|Boron's Twenty Mule Team Museum steeped in history
|The Twenty Mule Team Museum in Boron, Calif.,
displays mining implements of the past.
A visit to the dusty
town of Boron brings at least one surprise: The Twenty Mule Team Museum.
While neither of Antelope Valley's larger cities of
Palmdale and Lancaster maintains permanent historical museums pertaining to the region,
the community of Boron began working toward creating a museum as early as 1976. Residents
raised thousands of dollars to purchase the land fronting the south side of Boron's main
thoroughfare, and renovated a house that was from the old chic Coast Borax's.(U.S.
Borax's) first underground mine at Boron.
While the town's name didn't become Boron until
1940, the town's history extends back to the '20s, when U.S. Borax discovered large
deposits of colemanite and Kernite.
As a result, the "company town" of Amargo sprang
up. It was named for the Santa Fe Railroad's Amargo siding that provided the best access
to the new borate mine, which began production in 1927. Naturally, the primary focus of
the Twenty Mule Team Museum is on the importance of the U.S. Borax Co. to the community.
And its ambience is as basic as borax.
Borax is king
Although not large, within its walls is housed every aspect of the history of the U.S.
Borax interests in the community and even
some before. Extensively covered is the route along which the legendary Twenty Mule Team
carted borax from Death Valley to the railroad at Mojave, before deposits were found in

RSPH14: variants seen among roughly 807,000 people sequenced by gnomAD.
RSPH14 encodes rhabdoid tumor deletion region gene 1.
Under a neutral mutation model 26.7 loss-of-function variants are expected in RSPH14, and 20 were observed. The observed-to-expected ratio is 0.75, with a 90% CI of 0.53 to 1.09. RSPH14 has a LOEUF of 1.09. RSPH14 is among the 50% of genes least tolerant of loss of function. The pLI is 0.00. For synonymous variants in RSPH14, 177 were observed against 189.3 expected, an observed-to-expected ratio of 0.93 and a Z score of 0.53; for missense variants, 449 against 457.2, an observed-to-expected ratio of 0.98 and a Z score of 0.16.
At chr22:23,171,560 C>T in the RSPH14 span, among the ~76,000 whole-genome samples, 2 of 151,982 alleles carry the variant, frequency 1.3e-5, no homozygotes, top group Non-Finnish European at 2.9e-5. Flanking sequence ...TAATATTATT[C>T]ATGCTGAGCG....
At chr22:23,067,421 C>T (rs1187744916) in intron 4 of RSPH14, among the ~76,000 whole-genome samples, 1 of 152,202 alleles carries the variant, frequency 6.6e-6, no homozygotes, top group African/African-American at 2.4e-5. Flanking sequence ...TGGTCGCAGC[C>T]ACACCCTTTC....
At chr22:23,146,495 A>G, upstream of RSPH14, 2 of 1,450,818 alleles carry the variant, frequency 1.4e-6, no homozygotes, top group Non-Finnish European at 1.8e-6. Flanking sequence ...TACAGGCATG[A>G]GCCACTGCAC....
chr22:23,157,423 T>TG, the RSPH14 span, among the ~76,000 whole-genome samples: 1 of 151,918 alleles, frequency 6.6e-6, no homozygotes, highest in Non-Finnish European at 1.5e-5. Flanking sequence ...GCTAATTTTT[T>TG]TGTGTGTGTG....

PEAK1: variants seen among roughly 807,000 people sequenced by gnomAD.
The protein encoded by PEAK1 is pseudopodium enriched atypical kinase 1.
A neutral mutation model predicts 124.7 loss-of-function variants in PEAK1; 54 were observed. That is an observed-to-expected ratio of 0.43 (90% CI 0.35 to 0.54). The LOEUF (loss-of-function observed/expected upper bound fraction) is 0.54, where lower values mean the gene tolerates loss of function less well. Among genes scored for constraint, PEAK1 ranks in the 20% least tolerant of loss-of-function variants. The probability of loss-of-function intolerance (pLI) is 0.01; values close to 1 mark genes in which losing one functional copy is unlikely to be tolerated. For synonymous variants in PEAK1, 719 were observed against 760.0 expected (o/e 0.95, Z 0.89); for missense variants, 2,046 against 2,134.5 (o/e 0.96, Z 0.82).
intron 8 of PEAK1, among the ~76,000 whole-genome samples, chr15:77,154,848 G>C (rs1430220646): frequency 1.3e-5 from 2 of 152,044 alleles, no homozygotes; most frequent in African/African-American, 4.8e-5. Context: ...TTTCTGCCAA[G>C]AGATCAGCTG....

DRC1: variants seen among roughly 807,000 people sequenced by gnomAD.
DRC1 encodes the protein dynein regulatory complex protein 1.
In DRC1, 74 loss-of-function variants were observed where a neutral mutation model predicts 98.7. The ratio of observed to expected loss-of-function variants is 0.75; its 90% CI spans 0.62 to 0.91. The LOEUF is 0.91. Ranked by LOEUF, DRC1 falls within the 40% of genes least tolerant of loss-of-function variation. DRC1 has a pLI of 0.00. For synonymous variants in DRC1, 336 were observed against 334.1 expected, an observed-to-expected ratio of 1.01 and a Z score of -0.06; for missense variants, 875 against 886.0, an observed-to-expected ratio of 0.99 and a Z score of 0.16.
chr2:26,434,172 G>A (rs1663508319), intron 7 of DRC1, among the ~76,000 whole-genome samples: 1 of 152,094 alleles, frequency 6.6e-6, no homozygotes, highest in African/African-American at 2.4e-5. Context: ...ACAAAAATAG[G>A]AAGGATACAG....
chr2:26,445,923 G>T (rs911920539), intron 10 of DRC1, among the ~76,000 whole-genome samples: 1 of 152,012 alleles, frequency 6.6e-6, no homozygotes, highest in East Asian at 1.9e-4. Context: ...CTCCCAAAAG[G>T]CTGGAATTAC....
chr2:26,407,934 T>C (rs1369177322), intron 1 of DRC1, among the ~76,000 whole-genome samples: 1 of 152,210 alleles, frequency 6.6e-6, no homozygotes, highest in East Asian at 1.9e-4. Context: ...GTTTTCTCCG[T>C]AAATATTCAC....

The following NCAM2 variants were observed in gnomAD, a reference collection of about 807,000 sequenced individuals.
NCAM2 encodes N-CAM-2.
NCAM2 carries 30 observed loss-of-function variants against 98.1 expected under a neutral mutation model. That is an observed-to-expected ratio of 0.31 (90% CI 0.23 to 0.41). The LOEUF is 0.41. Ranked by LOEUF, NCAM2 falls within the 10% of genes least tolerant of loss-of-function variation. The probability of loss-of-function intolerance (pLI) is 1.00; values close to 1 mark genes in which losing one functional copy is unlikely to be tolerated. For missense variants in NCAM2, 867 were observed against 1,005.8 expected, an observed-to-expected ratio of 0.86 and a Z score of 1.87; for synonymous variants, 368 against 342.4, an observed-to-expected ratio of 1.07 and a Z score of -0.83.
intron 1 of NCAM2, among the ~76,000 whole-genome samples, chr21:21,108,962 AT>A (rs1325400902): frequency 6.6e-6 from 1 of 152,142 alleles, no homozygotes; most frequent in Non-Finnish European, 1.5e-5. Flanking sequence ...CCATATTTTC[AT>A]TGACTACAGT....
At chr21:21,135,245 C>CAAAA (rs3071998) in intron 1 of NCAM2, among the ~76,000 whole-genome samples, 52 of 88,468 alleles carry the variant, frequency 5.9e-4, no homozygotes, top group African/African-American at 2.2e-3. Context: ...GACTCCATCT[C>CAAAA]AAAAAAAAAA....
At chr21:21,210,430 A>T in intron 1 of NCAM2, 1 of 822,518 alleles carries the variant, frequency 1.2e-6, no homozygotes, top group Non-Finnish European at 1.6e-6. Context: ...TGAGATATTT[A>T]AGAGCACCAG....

the Boron area.
For those interested in old industrial implements, the
museum at Boron offers for view such items, including red fire hydrants, a station call
bell and a four-foot rotating drill all from U.S. Borax's early days.
Across the street from the museum is another remnant of former Borax days. In 1957,
topical, or open-pit mining began. "Grandpa 53" is a big yellow truck that
became the hauler of its day, and it carried tons of ore each day from the pit to the
conveyor belt, where it was transported to the "crusher" to be ground into
powder. Now the retired "53" is on display across the street from the museum.
Outside in the Twenty Mule Team Garden among other anomalies such as a Cletrac tractor and a hand
cultivator stands the old Sante Fe Railroad
depot. The building was moved to Boron from the now-deserted town of Kramer in 1941.
Besides the workman's world, the museum also houses just about every aspect of practical
domestic living from the '20s through the '50s, displayed in a no-nonsense manner.
Here you can find the remnants of Neva Butler's beauty
shop of the '30s, including her certificate of expertise in hair curling and her old
beauty salon chair complete with a medusa-like machine used to set hair permanents.
Displayed next to it is an old-timey kitchen, with its
huge kerosene stove and milk bottles from various Kern County dairies.
Other smaller exhibits encompass the biographies and
memorabilia of local characters such as the late aviatrix Pancho Barnes, and retired Borax
researcher "Walking" George.
A gift shop offers books on Death Valley (for the many
travelers who stop by on the way to the National Monument) and U.S. Borax, as well as mugs
and posters (such as a large map of the Twenty Mule Team route), and some Borax products.
Staffed by community volunteers, the Twenty Mule Team
Museum is open from 10 a.m.-4 p.m. seven days a week (except major holidays). Price of
admission is a voluntary donation. The museum is located at 26962 Twenty Mule Team Road,
Boron and can be reached by calling (760) 762-5810. Or visit the web site at http://www.rnrs.com/20MuleTeam/.